(searched for: 10.29328/journal.cjncp.1001030)
Published: 11 February 2021
Clinical Journal of Nursing Care and Practice, Volume 5, pp 003-014; https://doi.org/10.29328/journal.cjncp.1001030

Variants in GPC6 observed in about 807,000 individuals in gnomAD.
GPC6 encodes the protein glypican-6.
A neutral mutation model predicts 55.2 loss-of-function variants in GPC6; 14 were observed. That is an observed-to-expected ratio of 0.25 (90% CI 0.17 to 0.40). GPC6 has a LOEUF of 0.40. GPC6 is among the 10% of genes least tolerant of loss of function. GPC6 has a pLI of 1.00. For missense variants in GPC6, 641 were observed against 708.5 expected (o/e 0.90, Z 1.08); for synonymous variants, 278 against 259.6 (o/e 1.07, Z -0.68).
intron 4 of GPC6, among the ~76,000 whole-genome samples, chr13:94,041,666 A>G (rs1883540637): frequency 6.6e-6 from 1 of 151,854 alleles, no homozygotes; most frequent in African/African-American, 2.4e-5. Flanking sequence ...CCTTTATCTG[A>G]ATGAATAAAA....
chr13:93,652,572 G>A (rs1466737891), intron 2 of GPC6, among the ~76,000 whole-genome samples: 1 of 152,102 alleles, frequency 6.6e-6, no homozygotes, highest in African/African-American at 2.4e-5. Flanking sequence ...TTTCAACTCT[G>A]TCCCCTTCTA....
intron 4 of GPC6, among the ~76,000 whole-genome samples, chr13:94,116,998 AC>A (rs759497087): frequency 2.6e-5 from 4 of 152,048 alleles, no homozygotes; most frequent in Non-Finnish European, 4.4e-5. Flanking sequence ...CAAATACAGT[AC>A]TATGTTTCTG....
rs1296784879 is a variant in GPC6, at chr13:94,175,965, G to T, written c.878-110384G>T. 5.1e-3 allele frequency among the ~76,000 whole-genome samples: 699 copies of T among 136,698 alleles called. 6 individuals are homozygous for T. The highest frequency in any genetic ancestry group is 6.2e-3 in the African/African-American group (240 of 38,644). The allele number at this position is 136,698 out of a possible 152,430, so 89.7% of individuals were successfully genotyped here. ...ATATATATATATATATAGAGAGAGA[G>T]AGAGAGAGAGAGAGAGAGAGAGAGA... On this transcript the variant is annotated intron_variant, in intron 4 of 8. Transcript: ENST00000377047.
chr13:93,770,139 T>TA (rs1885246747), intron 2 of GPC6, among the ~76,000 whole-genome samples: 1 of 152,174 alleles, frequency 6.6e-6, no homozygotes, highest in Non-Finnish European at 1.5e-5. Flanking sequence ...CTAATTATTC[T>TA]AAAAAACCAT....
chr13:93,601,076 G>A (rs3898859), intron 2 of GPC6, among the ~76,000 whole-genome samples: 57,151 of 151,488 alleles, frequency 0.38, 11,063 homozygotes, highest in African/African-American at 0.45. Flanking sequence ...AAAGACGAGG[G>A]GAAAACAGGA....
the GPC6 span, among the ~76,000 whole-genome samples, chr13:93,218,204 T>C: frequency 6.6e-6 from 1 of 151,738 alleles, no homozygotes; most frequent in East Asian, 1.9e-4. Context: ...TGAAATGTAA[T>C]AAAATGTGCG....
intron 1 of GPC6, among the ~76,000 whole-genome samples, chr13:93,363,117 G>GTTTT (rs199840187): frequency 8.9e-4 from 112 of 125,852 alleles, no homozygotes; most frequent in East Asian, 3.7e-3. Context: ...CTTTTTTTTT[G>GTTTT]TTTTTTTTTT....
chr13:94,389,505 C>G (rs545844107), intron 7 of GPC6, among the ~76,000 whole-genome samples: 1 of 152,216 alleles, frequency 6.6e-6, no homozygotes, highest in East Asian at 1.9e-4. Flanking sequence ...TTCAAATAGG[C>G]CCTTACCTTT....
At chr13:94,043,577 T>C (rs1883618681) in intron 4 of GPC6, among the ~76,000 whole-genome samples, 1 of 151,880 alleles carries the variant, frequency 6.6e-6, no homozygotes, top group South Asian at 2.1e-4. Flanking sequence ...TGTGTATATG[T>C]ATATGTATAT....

Objective: In primary care, during treatments, nurses may need to wear surgical masks, namely for control of infection contamination, or to minimize unpleasant odors. The goal of this study is to inspect the effect of nurses wearing the mask on patient perception of the nurse-patient relation. Methods: A pre-post-test, control-experimental group design was employed with 60 patients treated in family health units. Patients responded to the Patient Satisfaction Questionnaire III (PSQ-III) regarding nurses’ communication, interpersonal manner, technical quality, as well regarding general satisfaction with the encounter. An additional question asked both patients and nurses how long they felt that the visit lasted. Results: Results show that nurses wearing the surgical mask had significantly negative effects in all dimensions of PSQ-III and increased the perceived visit duration among both nurses and patients. Conclusion: When a previous relationship exists, nurses wearing the surgical mask in primary care in Portugal negatively affects patient satisfaction with both the patient-nurse relation and the nurses’ technical quality. Practice implications: Is important the nurse understand this impact to discuss with the colleagues the best strategy to minimize the negative impact to the patient- family nurse relation and manager this situation in the best way to the patient.